I worked for several really large firms where the staff were treated like valueless drones and were subject to ludicrous rules governing every microscopic detail of behavior and appearance. I’ve worked for employers who were arrogant, rude and entitled. One of them was just like Meryl Streep’s character in “The Devil Wears Prada” but over 10 years before that ever came out. As I was leaving for lunch one day, I asked if she would like me to get her something to eat because she had been stuck in a meeting. Huge mistake. From then on, she would buzz my extension and without so much as a “Hello” or “If you are going out for lunch would you might getting me…” She would start ordering food as if I was a drive-thru window. Never please or thank you. She would send me some place to special order something for her, never asking where I might be going. The people at the nearby restaurants dreaded seeing me coming because they knew whatever I was going to order for her would have to be custom made to her specifications. She sent me out in the pouring rain, in ice and snow, etc. She never once offered to buy my lunch and I had to do this for her on MY lunch hour. She was horrible, truly just like that character.

I’ve worked for a guy had a foul mouth and a foul temper, but for some reason never directed either at me. He was very nice to me. I had to quit after three years though because witnessing him verbally abusing everyone else (including his family members and clients) and occasionally breaking/throwing things was more than I could deal with. The worst job though, was when I quit working for him and went to work for a non-profit organization that was supposed to help poor and oppressed people. After working for abusive guy, I wanted to do some good in the world with people who I thought would be like-minded. It took no time at all to discover the place was full of horrid people who were dishonest corrupt thieves and backstabbing game players who didn’t care one bit about their clientele and in fact spent a great deal of time mocking them. It was so bad I asked abusive guy for my job back, but though he wanted to hire me back, he had decided to retire.

iamthemob's avatar

I worked as a junior attorney in a large corporate law firm. My main problem with it was how productive value was related solely to billable hours. It provides backwards-incentives for low efficiency, and ignores efficiencies that can be produced through non-billable work. I have no problem with salary being linked to productivity in such a manner…but job stability doesn’t really have the effect that I think it should.

lucillelucillelucille's avatar

I worked for a man drawing designs for stained glass patterns.He wanted a girlfriend.That wasn’t in the job description.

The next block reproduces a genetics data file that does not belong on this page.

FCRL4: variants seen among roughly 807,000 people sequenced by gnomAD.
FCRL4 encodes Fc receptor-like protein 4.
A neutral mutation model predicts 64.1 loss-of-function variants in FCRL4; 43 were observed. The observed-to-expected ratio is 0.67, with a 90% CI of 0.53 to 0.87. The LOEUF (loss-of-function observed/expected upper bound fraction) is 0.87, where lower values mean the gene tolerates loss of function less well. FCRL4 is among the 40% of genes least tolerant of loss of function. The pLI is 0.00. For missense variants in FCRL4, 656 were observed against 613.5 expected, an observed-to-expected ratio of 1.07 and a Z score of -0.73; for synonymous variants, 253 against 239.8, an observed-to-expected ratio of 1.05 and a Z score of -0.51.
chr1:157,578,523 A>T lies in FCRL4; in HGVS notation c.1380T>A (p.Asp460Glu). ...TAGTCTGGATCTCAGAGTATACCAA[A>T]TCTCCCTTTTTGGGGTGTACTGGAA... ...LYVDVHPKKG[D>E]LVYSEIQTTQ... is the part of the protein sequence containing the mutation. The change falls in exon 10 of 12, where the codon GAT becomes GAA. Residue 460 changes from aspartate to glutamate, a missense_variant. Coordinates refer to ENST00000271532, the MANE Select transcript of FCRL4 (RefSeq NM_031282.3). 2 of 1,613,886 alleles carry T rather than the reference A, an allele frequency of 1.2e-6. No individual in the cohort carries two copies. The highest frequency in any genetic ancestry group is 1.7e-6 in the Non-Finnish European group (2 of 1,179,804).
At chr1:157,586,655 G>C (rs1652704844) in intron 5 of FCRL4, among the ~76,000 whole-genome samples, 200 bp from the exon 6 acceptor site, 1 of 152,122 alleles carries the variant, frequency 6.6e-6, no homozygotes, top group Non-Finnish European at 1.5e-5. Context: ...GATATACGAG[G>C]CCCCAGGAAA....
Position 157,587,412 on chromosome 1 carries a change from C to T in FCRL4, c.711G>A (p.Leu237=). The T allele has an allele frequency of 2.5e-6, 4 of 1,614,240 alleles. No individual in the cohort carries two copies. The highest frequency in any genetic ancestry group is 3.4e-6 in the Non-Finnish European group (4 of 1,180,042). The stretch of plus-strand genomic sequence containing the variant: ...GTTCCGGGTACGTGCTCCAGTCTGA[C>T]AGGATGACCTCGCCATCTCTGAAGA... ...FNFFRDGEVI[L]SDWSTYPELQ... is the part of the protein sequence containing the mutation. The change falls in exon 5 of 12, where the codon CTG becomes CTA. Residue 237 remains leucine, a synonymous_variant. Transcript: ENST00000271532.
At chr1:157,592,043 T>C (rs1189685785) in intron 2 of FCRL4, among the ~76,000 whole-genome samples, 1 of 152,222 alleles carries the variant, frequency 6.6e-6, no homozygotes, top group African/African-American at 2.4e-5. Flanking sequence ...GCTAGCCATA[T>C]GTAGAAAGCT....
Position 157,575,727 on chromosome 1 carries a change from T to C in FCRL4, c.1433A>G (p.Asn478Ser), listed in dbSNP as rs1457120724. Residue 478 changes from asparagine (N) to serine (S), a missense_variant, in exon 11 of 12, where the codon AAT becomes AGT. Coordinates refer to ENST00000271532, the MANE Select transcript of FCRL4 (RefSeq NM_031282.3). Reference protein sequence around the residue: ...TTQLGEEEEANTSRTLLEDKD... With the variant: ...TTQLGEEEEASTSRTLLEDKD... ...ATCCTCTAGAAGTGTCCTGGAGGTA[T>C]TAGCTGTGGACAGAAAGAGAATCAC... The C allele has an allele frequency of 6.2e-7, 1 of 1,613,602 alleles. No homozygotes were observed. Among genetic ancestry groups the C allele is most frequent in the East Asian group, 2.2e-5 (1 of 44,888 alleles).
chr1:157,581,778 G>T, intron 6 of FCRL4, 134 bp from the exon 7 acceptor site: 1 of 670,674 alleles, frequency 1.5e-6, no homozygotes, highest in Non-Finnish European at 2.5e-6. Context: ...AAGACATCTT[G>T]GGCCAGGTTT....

Adirondackwannabe's avatar

@lucillelucillelucille That part was in the benefits section.

diavolobella's avatar

@iamthemob. I’ve run into that issue. Someone will drag out a simple task for far longer than is possibly necessary so that they can run up their billable hours. Usually it backfires because they go too far and then the firm ends up having to write off much of the time when the client (correctly) points out how ludicrous it is.

BoBo1946's avatar

I worked for a major insurance company for 25 years and the toughest part of my job was denying coverage! The clamis that were straight forward like fires, tornado damage, hurricane damage, etc were fun to work, but the claims that involved a coverage question were difficult as most people have a problem with the word, no!

The worst experience I had been adjuster was when an insured that had a questionable fire loss, and while trying to negotiate a settlement, he put his hand in his pocket and could see the barrel of a gun protruding from his pants! it was a gun girls!

Could write a book on my experience over the 25 years. You see some crazy stuff!

iamthemob's avatar

@diavolobella – ironically, though, that’s not backfiring. It allows the billing partner negotiating points when dealing with the bill. “I’ll write off all these junior associate hours, but you have to admit that my (more expensive) hours are reasonable.” The system feeds itself in that way.

diavolobella's avatar

@iamthemob It’s a senior partner doing it, not an associate. So, he ends up getting his pre-bills, realizing he’s gone overboard and writing off his own time.

iamthemob's avatar

@diavolobella – surely. But it doesn’t prevent him or her from using junior write-offs as ammo to negotiate his or her remaining hours. ;-)

It’s also a silly system as clients will often attempt to limit the amount of people on a bill, because more people means more hours to them – when many juniors could be put on and there might be more hours but the overall bill would be less because if there are limits on the attorneys it is more likely that more senior people will be put on it. (which again provides a disincentive to give juniors necessary training hours.)

this may be another thread, though. ;-)

Pied_Pfeffer's avatar

Having been with the same company for 24 years, it was interesting to observe it morph through mergers and splits. The lack of communication and collaboration steadily went downhill. Projects that used to proceed fairly quickly and smoothly took more time to accomplish. It was a company very reliant on the economy, and every time it took a dip, personnel cuts were made.